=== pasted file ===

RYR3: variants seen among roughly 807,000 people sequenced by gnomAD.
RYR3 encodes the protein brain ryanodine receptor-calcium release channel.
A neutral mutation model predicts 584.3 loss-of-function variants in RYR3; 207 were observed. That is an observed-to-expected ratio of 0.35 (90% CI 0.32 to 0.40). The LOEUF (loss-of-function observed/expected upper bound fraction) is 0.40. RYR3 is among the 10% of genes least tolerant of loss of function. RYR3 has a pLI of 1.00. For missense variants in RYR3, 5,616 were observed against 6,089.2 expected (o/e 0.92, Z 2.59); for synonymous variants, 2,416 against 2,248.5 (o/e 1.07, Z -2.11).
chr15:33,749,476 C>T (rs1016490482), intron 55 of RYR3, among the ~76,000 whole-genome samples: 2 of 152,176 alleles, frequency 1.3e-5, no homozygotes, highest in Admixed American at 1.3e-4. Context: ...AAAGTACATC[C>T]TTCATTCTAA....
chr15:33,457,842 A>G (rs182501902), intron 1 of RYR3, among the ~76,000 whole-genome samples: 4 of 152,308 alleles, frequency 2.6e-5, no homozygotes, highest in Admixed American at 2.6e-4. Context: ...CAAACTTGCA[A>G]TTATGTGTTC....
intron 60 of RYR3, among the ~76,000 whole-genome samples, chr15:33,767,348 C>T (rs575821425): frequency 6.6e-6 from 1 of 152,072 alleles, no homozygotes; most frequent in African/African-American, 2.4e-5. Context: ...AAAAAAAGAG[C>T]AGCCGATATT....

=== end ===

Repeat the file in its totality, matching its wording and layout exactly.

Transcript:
RYR3: variants seen among roughly 807,000 people sequenced by gnomAD.
RYR3 encodes the protein brain ryanodine receptor-calcium release channel.
A neutral mutation model predicts 584.3 loss-of-function variants in RYR3; 207 were observed. That is an observed-to-expected ratio of 0.35 (90% CI 0.32 to 0.40). The LOEUF (loss-of-function observed/expected upper bound fraction) is 0.40. RYR3 is among the 10% of genes least tolerant of loss of function. RYR3 has a pLI of 1.00. For missense variants in RYR3, 5,616 were observed against 6,089.2 expected (o/e 0.92, Z 2.59); for synonymous variants, 2,416 against 2,248.5 (o/e 1.07, Z -2.11).
chr15:33,749,476 C>T (rs1016490482), intron 55 of RYR3, among the ~76,000 whole-genome samples: 2 of 152,176 alleles, frequency 1.3e-5, no homozygotes, highest in Admixed American at 1.3e-4. Context: ...AAAGTACATC[C>T]TTCATTCTAA....
chr15:33,457,842 A>G (rs182501902), intron 1 of RYR3, among the ~76,000 whole-genome samples: 4 of 152,308 alleles, frequency 2.6e-5, no homozygotes, highest in Admixed American at 2.6e-4. Context: ...CAAACTTGCA[A>G]TTATGTGTTC....
intron 60 of RYR3, among the ~76,000 whole-genome samples, chr15:33,767,348 C>T (rs575821425): frequency 6.6e-6 from 1 of 152,072 alleles, no homozygotes; most frequent in African/African-American, 2.4e-5. Context: ...AAAAAAAGAG[C>T]AGCCGATATT....